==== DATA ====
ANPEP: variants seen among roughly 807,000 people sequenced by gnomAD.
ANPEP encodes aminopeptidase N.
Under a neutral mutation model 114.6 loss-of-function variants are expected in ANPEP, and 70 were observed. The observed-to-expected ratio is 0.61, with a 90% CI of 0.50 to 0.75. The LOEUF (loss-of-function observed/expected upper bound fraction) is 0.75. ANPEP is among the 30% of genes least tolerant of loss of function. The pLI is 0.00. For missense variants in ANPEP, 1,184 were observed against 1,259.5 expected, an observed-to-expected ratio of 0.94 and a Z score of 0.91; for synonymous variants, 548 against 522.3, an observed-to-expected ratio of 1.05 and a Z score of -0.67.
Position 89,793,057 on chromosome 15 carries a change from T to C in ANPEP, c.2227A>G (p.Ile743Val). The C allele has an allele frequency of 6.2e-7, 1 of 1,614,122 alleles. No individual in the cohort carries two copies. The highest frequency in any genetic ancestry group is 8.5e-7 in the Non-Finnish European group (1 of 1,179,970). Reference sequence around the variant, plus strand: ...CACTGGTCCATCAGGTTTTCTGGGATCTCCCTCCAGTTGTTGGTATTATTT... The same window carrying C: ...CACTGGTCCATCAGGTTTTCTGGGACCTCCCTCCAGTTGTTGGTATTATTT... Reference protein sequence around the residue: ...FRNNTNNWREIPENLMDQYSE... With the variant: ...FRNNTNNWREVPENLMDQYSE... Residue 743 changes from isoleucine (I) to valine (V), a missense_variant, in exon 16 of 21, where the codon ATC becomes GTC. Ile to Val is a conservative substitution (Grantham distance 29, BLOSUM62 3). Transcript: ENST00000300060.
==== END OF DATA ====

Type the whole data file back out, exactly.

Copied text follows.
ANPEP: variants seen among roughly 807,000 people sequenced by gnomAD.
ANPEP encodes aminopeptidase N.
Under a neutral mutation model 114.6 loss-of-function variants are expected in ANPEP, and 70 were observed. The observed-to-expected ratio is 0.61, with a 90% CI of 0.50 to 0.75. The LOEUF (loss-of-function observed/expected upper bound fraction) is 0.75. ANPEP is among the 30% of genes least tolerant of loss of function. The pLI is 0.00. For missense variants in ANPEP, 1,184 were observed against 1,259.5 expected, an observed-to-expected ratio of 0.94 and a Z score of 0.91; for synonymous variants, 548 against 522.3, an observed-to-expected ratio of 1.05 and a Z score of -0.67.
Position 89,793,057 on chromosome 15 carries a change from T to C in ANPEP, c.2227A>G (p.Ile743Val). The C allele has an allele frequency of 6.2e-7, 1 of 1,614,122 alleles. No individual in the cohort carries two copies. The highest frequency in any genetic ancestry group is 8.5e-7 in the Non-Finnish European group (1 of 1,179,970). Reference sequence around the variant, plus strand: ...CACTGGTCCATCAGGTTTTCTGGGATCTCCCTCCAGTTGTTGGTATTATTT... The same window carrying C: ...CACTGGTCCATCAGGTTTTCTGGGACCTCCCTCCAGTTGTTGGTATTATTT... Reference protein sequence around the residue: ...FRNNTNNWREIPENLMDQYSE... With the variant: ...FRNNTNNWREVPENLMDQYSE... Residue 743 changes from isoleucine (I) to valine (V), a missense_variant, in exon 16 of 21, where the codon ATC becomes GTC. Ile to Val is a conservative substitution (Grantham distance 29, BLOSUM62 3). Transcript: ENST00000300060.